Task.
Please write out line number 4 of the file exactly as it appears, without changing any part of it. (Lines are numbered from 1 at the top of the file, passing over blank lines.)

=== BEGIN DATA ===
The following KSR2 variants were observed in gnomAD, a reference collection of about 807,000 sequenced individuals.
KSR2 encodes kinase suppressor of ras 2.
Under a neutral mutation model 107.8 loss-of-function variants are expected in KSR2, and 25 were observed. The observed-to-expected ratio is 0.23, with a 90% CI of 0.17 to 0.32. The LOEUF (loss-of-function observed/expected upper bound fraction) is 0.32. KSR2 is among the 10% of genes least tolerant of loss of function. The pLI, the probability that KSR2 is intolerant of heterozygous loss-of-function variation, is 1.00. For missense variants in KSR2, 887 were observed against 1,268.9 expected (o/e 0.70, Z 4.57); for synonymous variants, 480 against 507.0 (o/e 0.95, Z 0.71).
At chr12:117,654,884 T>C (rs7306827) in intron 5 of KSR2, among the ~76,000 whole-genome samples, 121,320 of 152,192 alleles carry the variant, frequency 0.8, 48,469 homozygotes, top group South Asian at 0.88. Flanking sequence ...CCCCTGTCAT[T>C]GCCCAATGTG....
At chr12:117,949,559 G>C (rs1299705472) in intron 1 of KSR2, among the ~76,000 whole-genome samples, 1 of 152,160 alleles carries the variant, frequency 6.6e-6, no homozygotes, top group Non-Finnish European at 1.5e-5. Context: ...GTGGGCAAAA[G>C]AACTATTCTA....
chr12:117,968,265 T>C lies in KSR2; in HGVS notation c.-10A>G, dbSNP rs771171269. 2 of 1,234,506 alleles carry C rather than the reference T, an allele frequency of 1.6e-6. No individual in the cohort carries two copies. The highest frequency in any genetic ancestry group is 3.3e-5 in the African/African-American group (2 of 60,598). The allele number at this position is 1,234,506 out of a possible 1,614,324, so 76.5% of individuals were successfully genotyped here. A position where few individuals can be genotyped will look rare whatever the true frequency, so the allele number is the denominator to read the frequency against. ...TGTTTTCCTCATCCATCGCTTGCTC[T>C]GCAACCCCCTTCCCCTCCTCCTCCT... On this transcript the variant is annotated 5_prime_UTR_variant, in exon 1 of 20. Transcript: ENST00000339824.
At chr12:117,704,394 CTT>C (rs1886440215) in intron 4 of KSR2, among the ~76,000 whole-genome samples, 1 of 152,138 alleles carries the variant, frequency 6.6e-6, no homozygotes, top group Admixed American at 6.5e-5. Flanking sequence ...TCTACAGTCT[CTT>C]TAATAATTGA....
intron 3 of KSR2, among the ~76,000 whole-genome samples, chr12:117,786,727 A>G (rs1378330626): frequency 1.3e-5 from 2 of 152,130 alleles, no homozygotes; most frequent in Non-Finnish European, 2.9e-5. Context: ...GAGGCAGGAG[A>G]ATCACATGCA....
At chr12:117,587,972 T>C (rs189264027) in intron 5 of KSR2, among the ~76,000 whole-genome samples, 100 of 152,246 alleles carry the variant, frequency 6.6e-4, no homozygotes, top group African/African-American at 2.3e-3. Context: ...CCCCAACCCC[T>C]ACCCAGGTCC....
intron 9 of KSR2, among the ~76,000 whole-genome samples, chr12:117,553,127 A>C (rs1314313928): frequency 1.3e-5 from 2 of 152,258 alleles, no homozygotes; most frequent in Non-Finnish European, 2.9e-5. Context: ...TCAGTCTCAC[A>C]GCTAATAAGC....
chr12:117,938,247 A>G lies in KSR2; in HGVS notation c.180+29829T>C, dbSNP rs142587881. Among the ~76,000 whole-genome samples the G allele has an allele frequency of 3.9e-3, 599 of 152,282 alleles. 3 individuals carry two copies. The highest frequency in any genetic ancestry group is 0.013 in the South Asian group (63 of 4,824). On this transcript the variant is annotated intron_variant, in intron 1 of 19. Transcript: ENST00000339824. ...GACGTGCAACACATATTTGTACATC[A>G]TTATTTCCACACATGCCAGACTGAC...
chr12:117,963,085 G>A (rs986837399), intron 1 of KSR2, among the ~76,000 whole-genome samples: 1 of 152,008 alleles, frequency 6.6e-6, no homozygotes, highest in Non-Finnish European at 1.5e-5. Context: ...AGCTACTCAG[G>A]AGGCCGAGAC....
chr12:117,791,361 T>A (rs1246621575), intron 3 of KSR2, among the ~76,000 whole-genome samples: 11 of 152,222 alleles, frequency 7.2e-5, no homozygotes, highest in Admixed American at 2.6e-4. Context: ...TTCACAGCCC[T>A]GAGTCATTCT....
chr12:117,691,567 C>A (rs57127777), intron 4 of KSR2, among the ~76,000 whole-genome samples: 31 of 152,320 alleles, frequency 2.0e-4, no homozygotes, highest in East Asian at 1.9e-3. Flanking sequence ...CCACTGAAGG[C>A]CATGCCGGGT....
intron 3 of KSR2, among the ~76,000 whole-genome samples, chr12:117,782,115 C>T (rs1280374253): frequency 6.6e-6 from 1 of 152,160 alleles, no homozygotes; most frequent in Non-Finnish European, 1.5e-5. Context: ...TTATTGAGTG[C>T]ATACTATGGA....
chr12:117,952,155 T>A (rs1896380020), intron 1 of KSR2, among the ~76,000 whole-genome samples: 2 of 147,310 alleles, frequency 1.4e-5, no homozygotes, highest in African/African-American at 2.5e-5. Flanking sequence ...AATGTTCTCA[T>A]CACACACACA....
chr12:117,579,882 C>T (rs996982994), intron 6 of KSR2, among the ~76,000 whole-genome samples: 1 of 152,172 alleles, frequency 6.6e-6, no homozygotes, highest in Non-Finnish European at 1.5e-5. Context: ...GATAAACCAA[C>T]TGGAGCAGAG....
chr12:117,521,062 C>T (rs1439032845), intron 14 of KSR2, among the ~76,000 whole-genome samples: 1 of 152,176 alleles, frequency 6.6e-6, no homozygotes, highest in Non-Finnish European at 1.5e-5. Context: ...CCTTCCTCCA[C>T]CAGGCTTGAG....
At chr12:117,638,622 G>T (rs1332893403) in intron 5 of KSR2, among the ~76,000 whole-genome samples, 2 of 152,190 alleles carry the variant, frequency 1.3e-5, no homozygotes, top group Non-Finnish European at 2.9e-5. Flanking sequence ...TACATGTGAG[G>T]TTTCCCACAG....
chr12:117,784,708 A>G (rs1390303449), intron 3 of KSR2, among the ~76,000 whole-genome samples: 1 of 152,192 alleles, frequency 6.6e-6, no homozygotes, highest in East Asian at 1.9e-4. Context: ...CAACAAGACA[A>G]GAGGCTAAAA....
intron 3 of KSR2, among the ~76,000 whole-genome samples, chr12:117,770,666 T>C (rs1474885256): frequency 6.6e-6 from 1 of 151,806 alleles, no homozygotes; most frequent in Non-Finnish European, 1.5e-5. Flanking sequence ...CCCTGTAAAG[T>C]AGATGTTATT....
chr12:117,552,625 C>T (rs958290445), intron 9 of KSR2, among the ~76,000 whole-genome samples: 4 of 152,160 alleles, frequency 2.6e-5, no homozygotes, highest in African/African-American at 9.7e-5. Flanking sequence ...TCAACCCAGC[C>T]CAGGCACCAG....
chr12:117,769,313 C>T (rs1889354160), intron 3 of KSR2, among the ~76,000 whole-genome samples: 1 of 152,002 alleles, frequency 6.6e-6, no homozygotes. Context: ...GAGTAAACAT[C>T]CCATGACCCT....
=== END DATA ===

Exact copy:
At chr12:117,654,884 T>C (rs7306827) in intron 5 of KSR2, among the ~76,000 whole-genome samples, 121,320 of 152,192 alleles carry the variant, frequency 0.8, 48,469 homozygotes, top group South Asian at 0.88. Flanking sequence ...CCCCTGTCAT[T>C]GCCCAATGTG....